Dust Extraction Energy Saving

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Dust Extraction Energy Saving

Dust extraction systems can be expensive to buy and run. However, a well designed system can cost less by using lower levels of extraction, require less power to operate and offer re-cycling to reduce energy losses.

One of the most fundamental points in any dust extraction system is the capture of the dust. This affects both the effectiveness of the design and the running costs. The design of the hood, in terms of concept and position, has an impact. Hood design broadly follows one of three concepts; to entrain the dust (draw it in), to capture an emitted dust (as from a grinding wheel) or enclose the dust source and prevent egress. It will normally be the case that an enclosed design will require the lowest air volume and be the most efficient in terms of control. For entrainment and capture hood designs there are a number of guidelines available however the application is also important.

The diagram below shows the impact of the position of the extraction hood relative to the dust emission source and then the benefit of using an enclosure.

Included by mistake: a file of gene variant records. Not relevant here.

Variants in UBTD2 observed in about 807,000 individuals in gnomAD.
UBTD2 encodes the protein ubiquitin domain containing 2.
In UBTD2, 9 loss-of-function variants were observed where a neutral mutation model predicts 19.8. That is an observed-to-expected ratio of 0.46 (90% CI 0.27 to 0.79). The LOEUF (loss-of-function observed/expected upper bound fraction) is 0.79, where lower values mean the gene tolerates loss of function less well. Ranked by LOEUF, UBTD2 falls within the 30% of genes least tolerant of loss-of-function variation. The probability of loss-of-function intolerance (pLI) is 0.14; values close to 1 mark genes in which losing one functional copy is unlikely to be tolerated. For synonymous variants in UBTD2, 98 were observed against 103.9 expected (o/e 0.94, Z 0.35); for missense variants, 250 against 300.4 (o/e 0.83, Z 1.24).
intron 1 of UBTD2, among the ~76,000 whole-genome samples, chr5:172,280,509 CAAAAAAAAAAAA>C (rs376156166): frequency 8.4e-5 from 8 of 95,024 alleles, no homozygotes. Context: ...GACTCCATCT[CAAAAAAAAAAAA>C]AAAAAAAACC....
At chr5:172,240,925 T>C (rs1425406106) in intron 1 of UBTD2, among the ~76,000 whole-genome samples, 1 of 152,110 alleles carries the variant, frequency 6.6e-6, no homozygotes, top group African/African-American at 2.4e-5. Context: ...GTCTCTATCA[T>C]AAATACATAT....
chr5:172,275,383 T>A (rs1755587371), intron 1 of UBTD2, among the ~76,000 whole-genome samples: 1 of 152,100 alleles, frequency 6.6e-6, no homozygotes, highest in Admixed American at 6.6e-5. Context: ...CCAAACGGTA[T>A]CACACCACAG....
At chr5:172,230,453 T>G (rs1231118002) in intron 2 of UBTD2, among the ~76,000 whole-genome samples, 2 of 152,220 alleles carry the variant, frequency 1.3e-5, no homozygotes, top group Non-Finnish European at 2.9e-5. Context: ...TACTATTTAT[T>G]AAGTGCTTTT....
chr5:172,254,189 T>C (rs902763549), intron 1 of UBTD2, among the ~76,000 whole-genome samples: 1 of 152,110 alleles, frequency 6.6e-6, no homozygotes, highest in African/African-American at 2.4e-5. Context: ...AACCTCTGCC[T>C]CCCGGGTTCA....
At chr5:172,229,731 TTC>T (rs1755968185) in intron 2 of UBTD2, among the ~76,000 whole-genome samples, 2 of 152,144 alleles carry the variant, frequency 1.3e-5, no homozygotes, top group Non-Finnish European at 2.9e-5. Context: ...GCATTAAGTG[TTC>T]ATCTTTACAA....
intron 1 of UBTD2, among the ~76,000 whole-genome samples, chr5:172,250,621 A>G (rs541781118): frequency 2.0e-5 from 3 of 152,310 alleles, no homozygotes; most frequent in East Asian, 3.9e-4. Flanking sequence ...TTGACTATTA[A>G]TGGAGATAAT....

Hood design diagram

Dust Extraction Hood Design

As can be seen, halving the distance, between the dust source and hood face reduces the extraction volume for effective control to 25%, whereas using an enclosure reduces it still further, to just 10%. As an example this is extreme although a great many installations could benefit to some degree by applying this approach and have a big impact on the operating cost.

As an extension to this aspect, adding a flange to the face of any hood improves the performance by causing all of the air drawn in to be from the front, the flange preventing air being drawn in from behind the face.

Once an air volume has been calculated the next step is to design the ducting network and quite simply the higher the velocity used the greater the energy use. Fan Laws used in these designs show the relationship between the velocity and motor power to be proportional by the relationship:

Increase in velocity = Increase3 in power

So adding 10% to the speed requires a corresponding increase of 33% in power! Reducing the speed will have the contrary effect.

Once these various aspects of design; hood type, position, flanging and duct velocities are all combined the impact on the running cost and extraction performance can be considerable. They are also often not easy to redress once the installation has been completed. A good dust extraction system design will use these design aspects to ensure good capture performance, the minimum air flow and correctly sized ducting network.

Further considerations on the dust filter air-to-cloth ratio and control of the compressed air cleaning system will also affect the energy use. Recycling the filtered air back inside to the workplace is then a significant step in energy reduction alleviating the need to heat the replacement air make-up otherwise occurring.

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